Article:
Well, the speech turns out to be a one-off affair that is somewhat redeemed by the character work going on behind it, while the Romeo and Juliet cliché quickly becomes a bridge to a far more interesting piece of nascent Game of Thrones-style dynastic plotting involving the father and mother of the alien family (played with scene-stealing appeal by Britain’s own Tony Curran and Jamie Murray.) There are other aspects of the show which give it unexpectedly convincing depth as well: the reason why such a committed outsider as Nolan should suddenly give up his personal hopes and dreams in order to become town defender is convincingly explained in a well-set-up but still surprising and cathartic visual reveal at the end, while the epilogue revelation of who is behind a plot to destroy the town had me genuinely gasp with a “No way!” laugh of surprise because I hadn’t seen it coming. For that alone, the series has earned my attention for a week or two more.
I’m not entirely convinced yet that I’ll stay with the show in the longer-term, or how much of my warm disposition towards Defiance is down to the fact that it’s not as insipid, generic and poorly-executed as Terra Nova, Revolution and their mainstream channel ilk. Where those shows have pretty people doing things in a romantically idealised back-to-basic rural society that screams of wish-fulfilment from those who just find modern society too complicated, Defiance has a genuine ambition and intelligence to it and presents a post-disaster world that is dangerous, tough, dirty, violent and realistic, for all the exotic aliens passing through shot. It’s supported by some overall impressive FX, with the exception of some inexplicably poorly-executed CGI of a ground car.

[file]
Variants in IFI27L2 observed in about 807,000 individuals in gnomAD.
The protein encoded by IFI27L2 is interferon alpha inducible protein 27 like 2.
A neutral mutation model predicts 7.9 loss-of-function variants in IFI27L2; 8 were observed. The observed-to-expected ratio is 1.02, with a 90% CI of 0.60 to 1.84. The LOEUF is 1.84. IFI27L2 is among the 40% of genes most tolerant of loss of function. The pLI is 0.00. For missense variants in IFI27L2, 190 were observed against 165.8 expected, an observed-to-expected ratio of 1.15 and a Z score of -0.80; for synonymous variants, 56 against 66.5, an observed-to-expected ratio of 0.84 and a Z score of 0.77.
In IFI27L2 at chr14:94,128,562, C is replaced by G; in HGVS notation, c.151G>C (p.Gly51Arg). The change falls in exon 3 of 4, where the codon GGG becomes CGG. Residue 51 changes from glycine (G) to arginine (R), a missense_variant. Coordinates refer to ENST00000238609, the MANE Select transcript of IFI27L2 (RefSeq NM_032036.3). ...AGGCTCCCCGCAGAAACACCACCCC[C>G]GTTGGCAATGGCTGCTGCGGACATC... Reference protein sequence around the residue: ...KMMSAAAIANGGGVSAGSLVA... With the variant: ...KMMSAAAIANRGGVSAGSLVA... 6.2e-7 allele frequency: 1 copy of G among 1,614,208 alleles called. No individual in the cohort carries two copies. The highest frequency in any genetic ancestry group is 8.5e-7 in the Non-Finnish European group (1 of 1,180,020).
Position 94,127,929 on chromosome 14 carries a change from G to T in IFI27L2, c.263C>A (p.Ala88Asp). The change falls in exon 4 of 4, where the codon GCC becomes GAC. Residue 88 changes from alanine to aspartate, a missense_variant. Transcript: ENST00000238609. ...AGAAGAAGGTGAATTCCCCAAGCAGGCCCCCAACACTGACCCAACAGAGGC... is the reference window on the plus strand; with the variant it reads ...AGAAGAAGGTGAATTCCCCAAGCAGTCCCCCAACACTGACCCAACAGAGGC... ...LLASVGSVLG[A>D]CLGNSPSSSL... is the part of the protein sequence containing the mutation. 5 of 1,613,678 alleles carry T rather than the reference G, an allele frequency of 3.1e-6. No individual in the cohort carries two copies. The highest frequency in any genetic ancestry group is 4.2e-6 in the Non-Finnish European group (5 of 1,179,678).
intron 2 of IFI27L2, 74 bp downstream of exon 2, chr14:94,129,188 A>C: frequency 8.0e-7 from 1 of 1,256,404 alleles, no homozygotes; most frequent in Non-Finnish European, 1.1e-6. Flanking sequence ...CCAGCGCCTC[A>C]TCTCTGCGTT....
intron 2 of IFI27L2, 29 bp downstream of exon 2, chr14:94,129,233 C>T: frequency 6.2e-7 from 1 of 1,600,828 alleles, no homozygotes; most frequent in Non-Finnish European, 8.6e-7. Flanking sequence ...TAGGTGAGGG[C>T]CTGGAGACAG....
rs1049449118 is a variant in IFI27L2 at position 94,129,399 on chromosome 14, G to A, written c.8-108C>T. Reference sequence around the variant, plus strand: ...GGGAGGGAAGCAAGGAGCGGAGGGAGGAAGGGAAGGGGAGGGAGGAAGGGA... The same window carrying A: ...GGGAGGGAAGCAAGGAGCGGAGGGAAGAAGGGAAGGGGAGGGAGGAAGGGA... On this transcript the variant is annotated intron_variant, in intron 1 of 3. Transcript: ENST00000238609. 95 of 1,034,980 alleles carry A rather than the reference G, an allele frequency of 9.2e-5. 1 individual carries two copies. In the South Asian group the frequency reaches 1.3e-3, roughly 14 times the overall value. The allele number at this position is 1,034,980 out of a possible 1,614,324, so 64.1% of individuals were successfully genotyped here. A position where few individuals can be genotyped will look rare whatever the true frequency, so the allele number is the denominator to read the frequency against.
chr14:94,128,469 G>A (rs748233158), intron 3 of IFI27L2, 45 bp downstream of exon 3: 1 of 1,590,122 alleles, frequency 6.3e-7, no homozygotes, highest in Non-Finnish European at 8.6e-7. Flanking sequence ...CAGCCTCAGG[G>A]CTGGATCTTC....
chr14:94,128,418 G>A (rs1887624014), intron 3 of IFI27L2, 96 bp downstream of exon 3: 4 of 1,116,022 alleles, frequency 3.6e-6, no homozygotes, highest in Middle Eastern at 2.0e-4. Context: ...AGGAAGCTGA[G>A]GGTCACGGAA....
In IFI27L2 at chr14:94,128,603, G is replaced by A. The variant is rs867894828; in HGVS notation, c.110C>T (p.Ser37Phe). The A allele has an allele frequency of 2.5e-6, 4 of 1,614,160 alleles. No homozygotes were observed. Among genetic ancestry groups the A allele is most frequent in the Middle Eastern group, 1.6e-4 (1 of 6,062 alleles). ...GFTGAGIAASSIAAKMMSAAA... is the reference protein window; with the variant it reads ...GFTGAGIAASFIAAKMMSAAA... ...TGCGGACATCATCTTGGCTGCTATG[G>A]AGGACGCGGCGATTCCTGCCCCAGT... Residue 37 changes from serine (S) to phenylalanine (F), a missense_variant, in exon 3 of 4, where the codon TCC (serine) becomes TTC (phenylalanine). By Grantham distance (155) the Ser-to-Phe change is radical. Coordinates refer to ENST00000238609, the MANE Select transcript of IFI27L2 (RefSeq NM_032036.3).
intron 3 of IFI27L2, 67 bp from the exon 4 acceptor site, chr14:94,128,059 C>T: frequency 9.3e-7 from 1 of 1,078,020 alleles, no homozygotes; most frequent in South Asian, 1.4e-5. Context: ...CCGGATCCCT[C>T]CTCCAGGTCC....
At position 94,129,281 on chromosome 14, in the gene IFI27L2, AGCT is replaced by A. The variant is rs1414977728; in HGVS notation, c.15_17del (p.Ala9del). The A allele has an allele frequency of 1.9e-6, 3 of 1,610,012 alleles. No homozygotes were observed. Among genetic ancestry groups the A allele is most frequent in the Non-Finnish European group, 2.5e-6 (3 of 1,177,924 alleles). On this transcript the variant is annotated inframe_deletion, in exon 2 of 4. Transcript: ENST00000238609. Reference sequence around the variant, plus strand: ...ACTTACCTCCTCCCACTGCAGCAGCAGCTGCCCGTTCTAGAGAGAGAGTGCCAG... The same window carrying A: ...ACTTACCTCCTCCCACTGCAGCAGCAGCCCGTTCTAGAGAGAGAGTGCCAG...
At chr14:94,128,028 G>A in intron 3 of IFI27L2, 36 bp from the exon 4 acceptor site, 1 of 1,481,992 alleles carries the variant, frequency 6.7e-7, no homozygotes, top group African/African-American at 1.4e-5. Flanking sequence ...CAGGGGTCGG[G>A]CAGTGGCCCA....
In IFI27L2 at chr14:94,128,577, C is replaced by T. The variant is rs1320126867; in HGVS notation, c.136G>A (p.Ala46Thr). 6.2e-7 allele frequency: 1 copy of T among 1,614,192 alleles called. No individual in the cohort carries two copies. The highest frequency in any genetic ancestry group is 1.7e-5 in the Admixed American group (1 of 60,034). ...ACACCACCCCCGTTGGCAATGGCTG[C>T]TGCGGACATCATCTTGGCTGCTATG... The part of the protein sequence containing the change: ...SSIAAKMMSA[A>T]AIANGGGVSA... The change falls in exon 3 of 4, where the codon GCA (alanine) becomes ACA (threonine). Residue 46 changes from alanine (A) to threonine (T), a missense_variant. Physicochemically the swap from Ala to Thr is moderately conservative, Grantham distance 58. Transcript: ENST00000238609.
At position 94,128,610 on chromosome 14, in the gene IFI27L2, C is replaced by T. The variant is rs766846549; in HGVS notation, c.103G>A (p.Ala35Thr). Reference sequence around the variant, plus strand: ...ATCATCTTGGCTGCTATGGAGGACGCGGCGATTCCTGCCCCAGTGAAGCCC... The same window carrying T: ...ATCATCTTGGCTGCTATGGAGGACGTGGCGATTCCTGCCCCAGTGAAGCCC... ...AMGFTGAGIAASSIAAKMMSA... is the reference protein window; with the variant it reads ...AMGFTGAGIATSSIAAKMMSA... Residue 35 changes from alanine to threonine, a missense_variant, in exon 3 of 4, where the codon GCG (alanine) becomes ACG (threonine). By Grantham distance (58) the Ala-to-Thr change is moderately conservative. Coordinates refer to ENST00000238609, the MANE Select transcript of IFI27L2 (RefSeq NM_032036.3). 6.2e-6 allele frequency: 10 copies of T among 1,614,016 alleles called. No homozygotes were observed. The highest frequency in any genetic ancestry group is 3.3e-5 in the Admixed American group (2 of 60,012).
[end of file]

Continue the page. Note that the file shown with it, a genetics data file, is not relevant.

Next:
It’s a series that has clearly been extensively thought out with a promisingly rich and textured background to its premise. It could do with holding off on some of that a bit – by comparison with the slightly overwhelming flood of weirdness early in Defiance, the TV adaptation of Game of Thrones has been incredibly slow in spooling out its world and its secrets to the audience and is far more effective and immersive for that approach. As it is, Defiance has an awful lot of plates to keep spinning all at once if it’s to be a success. At any moment all the crockery could crash down to earth and this will be a very big and expensive mess (it’s reported that the 13-part series has a budget of $100 million, although up to half of that is for the development and distribution of a companion computer video game); but if it can pull it off, this could be …. interesting. Very interesting indeed.
Defiance airs in the UK on SyFy on Tuesdays at 9pm, with repeats during the following week. A date for DVD and Blu-ray release has yet to be announced. The third-person shooter RPG computer game is already available for Microsoft Windows, PlayStation 3 and Xbox 360.